The basics of Electronics

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Electronics, The introduction

I have decided to do a page on electronics as (a) we all have electronics to thank that we are talking and (b) no-one else has done a page on electronics.

Electronics, The health warning.

There is a property of electronics that has to be taken into consideration when designing circuits, this is the fact that electronics only work once perfectly. This means that circuits can work perfectly once for a very long time or, more frustratingly, work perfectly once during prototyping, then an adjustment is made which makes the circuit work not quite as well as before, so you try and put back to the original setting but that only makes it worse. So you adjust the circuit more to make it work, but by now it's completely dead and ultimately has to be thrown away.
This can cause untold amounts of stress as I have found out during the two years of my degree in Electrical/Electronic Engineering. To elevate the stress of electronics I suggest you stop what you are doing take a few deep breaths. . . and then go to the pub. I am being totally serious about this if you don't believe my try it your self.

Electronics, the basics.

It must be stated first that current FLOWS and voltage is a measure of electrical PRESSURE.

The behaviour of electronics can be described with some basic rules, these are sometimes called first principles the three most used are:

Kirchoff's current law (KCL). This law states that the current coming out of a node (i.e. a junction) is equal to the sum of the current coming in to a junction.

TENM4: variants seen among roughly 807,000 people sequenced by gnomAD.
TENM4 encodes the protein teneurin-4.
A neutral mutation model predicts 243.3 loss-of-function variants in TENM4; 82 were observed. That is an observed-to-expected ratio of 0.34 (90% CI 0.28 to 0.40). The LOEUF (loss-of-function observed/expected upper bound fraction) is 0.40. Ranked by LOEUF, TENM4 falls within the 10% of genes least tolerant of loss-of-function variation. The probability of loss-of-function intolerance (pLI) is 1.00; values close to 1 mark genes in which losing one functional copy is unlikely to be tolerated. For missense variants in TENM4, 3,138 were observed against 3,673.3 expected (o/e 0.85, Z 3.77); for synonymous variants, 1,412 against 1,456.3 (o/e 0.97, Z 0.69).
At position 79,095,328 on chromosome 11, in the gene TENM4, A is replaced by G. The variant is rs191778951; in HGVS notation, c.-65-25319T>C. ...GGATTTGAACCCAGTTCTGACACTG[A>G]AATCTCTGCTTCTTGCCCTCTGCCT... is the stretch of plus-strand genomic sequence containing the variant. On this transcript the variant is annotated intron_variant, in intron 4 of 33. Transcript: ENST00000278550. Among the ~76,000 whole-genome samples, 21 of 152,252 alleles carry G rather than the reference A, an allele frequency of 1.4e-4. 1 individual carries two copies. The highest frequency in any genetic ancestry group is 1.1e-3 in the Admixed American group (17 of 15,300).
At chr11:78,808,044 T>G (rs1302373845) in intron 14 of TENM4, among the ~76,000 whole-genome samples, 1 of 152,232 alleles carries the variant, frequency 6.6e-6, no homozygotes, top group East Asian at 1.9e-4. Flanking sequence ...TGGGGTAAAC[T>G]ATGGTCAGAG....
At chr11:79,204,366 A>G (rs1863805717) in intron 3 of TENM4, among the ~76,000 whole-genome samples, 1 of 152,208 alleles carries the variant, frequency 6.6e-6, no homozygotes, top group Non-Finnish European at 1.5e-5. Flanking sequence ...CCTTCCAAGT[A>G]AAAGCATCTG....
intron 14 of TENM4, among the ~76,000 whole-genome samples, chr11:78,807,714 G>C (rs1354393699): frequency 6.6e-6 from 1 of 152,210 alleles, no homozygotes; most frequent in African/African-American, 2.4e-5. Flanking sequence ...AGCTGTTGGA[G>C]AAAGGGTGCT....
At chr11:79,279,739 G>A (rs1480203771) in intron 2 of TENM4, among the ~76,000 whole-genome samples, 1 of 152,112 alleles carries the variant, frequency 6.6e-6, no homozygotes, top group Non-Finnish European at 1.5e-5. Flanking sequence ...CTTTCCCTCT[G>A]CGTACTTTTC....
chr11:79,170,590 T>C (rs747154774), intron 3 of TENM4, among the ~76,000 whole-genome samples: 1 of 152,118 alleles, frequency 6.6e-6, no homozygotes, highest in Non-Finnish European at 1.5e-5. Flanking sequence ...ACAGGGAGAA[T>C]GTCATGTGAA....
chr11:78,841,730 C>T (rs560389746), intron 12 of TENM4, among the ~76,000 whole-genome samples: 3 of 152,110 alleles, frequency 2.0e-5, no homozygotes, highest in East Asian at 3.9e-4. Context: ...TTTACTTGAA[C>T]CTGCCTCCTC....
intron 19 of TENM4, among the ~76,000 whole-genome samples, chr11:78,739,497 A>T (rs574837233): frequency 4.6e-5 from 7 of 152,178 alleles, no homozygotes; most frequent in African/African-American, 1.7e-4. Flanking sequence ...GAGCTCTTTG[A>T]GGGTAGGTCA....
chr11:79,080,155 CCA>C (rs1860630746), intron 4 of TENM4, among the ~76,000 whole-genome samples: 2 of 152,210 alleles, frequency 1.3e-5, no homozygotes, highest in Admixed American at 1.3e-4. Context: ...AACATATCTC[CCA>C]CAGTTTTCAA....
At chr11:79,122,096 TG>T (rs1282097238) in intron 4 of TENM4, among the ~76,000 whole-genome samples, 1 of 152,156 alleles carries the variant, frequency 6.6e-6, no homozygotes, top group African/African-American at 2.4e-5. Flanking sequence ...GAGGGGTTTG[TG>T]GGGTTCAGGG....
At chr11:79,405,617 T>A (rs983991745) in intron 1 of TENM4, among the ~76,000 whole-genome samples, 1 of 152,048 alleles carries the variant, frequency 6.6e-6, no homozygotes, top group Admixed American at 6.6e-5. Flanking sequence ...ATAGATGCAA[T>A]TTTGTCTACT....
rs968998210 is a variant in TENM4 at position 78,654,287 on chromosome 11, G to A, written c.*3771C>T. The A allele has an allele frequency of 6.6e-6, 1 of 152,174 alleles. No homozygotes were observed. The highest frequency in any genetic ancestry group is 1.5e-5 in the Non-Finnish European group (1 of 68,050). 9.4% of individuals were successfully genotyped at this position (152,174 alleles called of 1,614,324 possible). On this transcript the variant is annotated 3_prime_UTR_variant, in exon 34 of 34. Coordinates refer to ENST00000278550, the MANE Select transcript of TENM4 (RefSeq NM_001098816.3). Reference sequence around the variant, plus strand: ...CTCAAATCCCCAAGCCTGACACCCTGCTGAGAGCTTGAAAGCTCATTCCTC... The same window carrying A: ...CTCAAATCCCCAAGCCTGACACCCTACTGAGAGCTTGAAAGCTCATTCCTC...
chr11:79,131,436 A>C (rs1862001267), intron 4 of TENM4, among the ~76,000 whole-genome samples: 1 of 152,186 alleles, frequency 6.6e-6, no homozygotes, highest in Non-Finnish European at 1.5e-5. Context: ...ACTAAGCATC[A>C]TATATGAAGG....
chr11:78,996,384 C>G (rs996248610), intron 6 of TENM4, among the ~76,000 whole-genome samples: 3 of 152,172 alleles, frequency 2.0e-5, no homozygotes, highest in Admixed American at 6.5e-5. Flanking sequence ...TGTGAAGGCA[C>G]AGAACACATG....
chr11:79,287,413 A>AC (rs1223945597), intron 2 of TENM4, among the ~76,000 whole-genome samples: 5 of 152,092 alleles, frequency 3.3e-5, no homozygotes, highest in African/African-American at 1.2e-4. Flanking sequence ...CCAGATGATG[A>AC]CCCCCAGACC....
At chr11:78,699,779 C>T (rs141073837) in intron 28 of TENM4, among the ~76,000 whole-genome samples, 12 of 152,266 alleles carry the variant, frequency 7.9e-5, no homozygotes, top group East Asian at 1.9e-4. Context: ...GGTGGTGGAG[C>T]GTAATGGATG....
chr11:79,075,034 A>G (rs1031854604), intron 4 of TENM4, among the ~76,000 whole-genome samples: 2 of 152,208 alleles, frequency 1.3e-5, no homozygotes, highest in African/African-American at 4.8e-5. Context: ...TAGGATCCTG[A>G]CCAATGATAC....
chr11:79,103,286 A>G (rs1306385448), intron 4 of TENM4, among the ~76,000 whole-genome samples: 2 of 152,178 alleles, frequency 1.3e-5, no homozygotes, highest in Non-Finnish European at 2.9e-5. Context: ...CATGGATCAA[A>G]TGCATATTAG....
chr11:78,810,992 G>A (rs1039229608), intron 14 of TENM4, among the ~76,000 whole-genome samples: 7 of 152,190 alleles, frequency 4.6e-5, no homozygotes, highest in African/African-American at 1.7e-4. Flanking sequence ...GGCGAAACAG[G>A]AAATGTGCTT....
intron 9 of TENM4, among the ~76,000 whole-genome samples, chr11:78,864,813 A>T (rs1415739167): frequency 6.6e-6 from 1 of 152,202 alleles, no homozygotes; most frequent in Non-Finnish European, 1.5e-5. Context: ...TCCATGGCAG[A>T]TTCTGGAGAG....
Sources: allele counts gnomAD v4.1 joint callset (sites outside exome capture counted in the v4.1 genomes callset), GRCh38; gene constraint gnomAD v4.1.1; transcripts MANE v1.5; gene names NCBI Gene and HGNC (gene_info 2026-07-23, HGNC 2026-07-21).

So. . . Sum of current coming out of a node
= Sum of current going into the node.

Kirchoff's voltage law (KVL). This states that the voltage dropped across devices, e.g. Resistors, is equal to the voltage applied to the circuit.
So. . . Sum of applied voltage
= Sum of voltage dropped around the circuit (or potential difference (p.d.)).

Ohm's law. This law states that the voltage in the circuit is proportional to the product of resistance and current.
So. . . V (voltage) = I (current) * R (resistance).
Using transposition both current and resistance can be found if you know the other two variables.

Electronics, the basics, the conclusion.

So now you have had a introduction to electronics and you have decided that you can put up with all the setbacks this field of engineering throws at you can ask me questions about engineering as a general subject area of more advanced questions about electronics. If I can't help you then I will try and point you in the right direction. I intend to post more detailed and advanced entries soon or on request.

NOTE: (added 15/03/2001) the real laws explaind in this artical are misleading, check the edited artical for the correct explainations. I am leaving the originals here for posterity.

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